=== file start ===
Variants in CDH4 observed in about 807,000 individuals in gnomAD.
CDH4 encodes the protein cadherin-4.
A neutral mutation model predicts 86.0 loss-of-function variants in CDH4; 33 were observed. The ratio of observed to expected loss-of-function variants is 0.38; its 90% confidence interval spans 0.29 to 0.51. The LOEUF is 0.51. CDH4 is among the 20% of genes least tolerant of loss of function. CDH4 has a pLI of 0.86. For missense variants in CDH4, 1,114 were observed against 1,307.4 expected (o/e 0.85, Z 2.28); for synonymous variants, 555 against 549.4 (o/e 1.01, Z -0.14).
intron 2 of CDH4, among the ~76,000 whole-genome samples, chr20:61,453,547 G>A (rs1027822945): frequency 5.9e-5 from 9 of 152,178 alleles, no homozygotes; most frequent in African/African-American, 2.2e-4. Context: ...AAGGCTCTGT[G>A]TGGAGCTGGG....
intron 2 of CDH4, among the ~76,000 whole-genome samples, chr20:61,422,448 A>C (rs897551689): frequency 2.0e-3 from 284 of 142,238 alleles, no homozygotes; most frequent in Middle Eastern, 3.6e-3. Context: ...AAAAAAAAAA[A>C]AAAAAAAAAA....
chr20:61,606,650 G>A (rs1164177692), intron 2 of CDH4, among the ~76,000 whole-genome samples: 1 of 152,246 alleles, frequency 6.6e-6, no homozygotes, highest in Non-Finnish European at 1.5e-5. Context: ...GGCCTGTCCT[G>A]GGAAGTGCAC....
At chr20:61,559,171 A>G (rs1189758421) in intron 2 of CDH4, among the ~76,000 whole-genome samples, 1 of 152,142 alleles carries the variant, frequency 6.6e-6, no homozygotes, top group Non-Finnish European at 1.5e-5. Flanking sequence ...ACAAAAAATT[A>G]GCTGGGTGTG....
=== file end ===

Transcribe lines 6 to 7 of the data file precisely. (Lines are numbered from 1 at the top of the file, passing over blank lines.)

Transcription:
chr20:61,606,650 G>A (rs1164177692), intron 2 of CDH4, among the ~76,000 whole-genome samples: 1 of 152,246 alleles, frequency 6.6e-6, no homozygotes, highest in Non-Finnish European at 1.5e-5. Context: ...GGCCTGTCCT[G>A]GGAAGTGCAC....
At chr20:61,559,171 A>G (rs1189758421) in intron 2 of CDH4, among the ~76,000 whole-genome samples, 1 of 152,142 alleles carries the variant, frequency 6.6e-6, no homozygotes, top group Non-Finnish European at 1.5e-5. Flanking sequence ...ACAAAAAATT[A>G]GCTGGGTGTG....